The spectrum of reproductive problems associated with obesity encompasses a broad range of disorders. The consequences of obesity on the female reproductive system are diverse including menstrual disorders, infertility, miscarriage, poor pregnancy outcome, impaired fetal well being, and diabetes mellitus.[13],[14]

Our study revealed that women with BMI > 25 are at risk of infertility. The outcome of successful pregnancy was less in obese women. Ramlau-Hansen et al.,[15] in their Danish study, concluded that the time to pregnancy increases with increase in BMI and is associated with subfecundity. According to our study, the maximum duration of infertility among overweight (41.5%) and obese women (35.1%) was 3–4 years. Hartz et al.[16] established, by his study of 26,638 women to show the association of obesity with infertility and menstrual abnormalities, that 12,000 women were reported to have irregular menstruation and hirsutism. There were 29.2% of overweight and 34% of obese women having irregular cycle, and our study did not determine hirsutism relationship.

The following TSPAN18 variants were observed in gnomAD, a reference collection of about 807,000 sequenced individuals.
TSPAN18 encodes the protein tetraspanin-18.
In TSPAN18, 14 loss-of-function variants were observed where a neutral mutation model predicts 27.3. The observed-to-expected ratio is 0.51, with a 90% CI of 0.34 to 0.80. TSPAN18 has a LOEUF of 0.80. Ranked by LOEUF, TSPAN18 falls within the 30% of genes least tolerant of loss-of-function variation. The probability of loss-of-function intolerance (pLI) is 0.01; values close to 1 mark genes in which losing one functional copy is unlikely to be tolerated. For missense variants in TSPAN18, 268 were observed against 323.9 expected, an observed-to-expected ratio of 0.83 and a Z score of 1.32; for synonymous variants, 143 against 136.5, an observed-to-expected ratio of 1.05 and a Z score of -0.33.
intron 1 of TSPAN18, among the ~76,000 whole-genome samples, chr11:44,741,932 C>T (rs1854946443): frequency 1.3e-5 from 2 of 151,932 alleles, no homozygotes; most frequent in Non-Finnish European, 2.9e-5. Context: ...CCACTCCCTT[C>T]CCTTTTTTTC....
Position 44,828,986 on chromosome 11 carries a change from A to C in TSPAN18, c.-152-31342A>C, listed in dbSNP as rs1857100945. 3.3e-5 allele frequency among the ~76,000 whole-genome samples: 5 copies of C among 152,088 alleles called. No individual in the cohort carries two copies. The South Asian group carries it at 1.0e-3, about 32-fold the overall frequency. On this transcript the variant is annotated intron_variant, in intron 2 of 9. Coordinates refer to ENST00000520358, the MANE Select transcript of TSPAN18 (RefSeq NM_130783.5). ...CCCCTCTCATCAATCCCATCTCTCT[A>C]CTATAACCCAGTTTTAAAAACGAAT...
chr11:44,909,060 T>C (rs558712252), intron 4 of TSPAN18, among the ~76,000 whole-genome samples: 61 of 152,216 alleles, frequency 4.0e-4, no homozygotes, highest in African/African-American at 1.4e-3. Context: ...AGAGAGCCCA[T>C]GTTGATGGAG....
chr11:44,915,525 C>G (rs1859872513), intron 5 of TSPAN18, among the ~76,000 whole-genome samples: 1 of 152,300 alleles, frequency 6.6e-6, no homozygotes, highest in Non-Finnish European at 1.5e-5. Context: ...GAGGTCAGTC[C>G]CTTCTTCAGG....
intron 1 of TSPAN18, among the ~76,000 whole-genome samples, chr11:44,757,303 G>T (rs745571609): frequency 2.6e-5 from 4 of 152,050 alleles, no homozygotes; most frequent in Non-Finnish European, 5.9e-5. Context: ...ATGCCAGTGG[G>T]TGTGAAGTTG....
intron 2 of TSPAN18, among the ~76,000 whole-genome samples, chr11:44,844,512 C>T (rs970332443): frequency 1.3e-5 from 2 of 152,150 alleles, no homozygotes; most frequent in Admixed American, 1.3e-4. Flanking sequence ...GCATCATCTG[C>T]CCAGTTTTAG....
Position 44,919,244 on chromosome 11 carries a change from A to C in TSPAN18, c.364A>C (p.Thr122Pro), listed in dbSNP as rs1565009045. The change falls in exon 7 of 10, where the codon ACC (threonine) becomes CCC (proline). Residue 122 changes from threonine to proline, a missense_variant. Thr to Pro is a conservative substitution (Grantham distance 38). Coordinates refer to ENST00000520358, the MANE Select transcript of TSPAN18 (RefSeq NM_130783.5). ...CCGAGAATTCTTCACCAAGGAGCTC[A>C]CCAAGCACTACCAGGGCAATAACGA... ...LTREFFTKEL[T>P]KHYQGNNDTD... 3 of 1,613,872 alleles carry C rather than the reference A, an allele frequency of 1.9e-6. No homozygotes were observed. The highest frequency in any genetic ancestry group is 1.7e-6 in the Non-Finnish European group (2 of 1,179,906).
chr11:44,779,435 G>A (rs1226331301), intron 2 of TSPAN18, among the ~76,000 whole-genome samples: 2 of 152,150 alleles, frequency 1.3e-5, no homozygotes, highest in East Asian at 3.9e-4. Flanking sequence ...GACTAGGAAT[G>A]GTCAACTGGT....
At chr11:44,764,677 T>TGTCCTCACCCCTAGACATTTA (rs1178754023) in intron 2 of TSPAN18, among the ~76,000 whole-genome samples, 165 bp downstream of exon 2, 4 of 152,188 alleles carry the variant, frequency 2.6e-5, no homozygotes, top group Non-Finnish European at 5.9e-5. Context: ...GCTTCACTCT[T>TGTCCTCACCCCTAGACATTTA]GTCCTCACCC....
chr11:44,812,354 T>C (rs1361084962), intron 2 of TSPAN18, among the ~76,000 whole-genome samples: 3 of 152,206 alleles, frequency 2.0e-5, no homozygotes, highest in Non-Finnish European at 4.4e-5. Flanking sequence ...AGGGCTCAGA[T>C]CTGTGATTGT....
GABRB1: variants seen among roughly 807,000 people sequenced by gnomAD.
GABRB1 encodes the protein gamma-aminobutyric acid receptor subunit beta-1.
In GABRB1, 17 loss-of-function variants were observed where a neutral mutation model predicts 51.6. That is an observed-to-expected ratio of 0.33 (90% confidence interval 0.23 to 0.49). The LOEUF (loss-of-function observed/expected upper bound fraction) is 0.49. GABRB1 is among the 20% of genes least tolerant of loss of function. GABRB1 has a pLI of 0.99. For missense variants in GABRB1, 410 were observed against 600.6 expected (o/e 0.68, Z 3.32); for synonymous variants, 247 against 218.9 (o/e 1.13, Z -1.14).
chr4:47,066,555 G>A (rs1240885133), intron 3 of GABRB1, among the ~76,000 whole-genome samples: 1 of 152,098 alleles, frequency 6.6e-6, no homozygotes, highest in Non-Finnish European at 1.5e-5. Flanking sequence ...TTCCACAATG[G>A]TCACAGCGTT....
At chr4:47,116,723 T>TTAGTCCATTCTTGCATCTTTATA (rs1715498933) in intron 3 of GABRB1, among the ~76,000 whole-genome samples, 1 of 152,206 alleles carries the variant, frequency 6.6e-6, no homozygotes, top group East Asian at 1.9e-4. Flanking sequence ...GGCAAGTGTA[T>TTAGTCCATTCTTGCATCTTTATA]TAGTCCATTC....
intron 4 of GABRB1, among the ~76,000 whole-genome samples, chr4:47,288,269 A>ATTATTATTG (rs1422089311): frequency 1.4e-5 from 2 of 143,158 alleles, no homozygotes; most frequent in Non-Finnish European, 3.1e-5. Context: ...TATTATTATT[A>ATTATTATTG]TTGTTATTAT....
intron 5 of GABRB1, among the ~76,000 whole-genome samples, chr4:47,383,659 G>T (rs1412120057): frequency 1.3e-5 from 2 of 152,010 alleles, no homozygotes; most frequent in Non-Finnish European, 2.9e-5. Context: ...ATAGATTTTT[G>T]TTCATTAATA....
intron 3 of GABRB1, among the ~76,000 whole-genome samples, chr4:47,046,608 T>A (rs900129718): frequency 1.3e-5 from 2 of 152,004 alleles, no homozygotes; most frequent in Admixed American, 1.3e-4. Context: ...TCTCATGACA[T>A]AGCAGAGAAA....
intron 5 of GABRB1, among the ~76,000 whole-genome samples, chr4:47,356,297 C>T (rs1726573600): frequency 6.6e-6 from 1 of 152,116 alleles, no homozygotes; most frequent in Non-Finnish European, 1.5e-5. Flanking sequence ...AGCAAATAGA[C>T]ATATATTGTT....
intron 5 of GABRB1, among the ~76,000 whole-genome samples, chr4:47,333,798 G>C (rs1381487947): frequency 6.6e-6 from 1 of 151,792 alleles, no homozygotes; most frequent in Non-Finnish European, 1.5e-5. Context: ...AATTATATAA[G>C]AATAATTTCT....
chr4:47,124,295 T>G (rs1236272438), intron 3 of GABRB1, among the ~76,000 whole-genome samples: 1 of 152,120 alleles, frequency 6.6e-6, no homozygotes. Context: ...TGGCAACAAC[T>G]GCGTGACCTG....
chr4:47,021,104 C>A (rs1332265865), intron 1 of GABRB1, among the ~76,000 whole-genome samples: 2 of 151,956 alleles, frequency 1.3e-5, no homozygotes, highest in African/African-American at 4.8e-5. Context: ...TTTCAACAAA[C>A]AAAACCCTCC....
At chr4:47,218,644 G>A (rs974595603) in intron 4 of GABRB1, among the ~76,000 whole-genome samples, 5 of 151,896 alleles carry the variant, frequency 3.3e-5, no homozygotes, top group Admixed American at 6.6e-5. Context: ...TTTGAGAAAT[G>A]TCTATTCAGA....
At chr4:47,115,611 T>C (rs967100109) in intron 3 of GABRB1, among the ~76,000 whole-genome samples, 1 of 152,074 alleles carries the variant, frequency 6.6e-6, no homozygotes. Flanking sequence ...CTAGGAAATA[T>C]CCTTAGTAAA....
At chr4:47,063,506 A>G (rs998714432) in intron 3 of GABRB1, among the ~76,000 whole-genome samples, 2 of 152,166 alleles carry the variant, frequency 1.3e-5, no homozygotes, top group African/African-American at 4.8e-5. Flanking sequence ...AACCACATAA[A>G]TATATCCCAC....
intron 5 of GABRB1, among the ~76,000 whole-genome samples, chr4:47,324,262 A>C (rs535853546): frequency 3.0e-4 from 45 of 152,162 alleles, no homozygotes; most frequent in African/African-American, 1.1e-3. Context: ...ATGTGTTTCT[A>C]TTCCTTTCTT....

Conferring to Talmor and Dunphy,[1] ovulatory defects and unexplained causes account for >50% of infertile etiologies with a significant proportion of these cases either directly or indirectly related to obesity. Our study also produces results with 1% of female etiology referring to anovulation and 23.5% women having unexplained cause for their infertility. Pergola et al.[17] in his study determined the effect of obesity on gonadotropin, estradiol, and inhibin B levels in infertile women and established significant relation statistically to lower FSH, LH, inhibin B, and estradiol levels in the early follicular phase of overweight and obese infertile women. Pergola et al.[17] anticipated it to be due to direct inhibitory effect of BMI on gonadotropin and estradiol production. Our study also reflected a decrease in follicular phase levels of FSH (mean = 6.8 IU/L), LH (mean = 8.1 IU/L), and serum estrogen (mean 350 pmol/L), as well as high serum testosterone level 2.04 nmol/L (range 0.02–0.34 nmol/L) in obese women with BMI > 30. Caillon et al.[10] conducted a study to see outcomes of high BMI women to ART outcomes on 582 women undergoing ART treatment in France. The study determined that spontaneous fertility as well as ART cycles results are impaired in obese women. In obese women, higher doses of gonadotropins are required to obtain equivalent ovarian response, however, even then, ART cycles trend toward increasing transfer cancellation and miscarriage rates leading to poorer ART outcome. Our results show consistent results with only 29.2% of overweight and 20.2% of obese women having a successful pregnancy.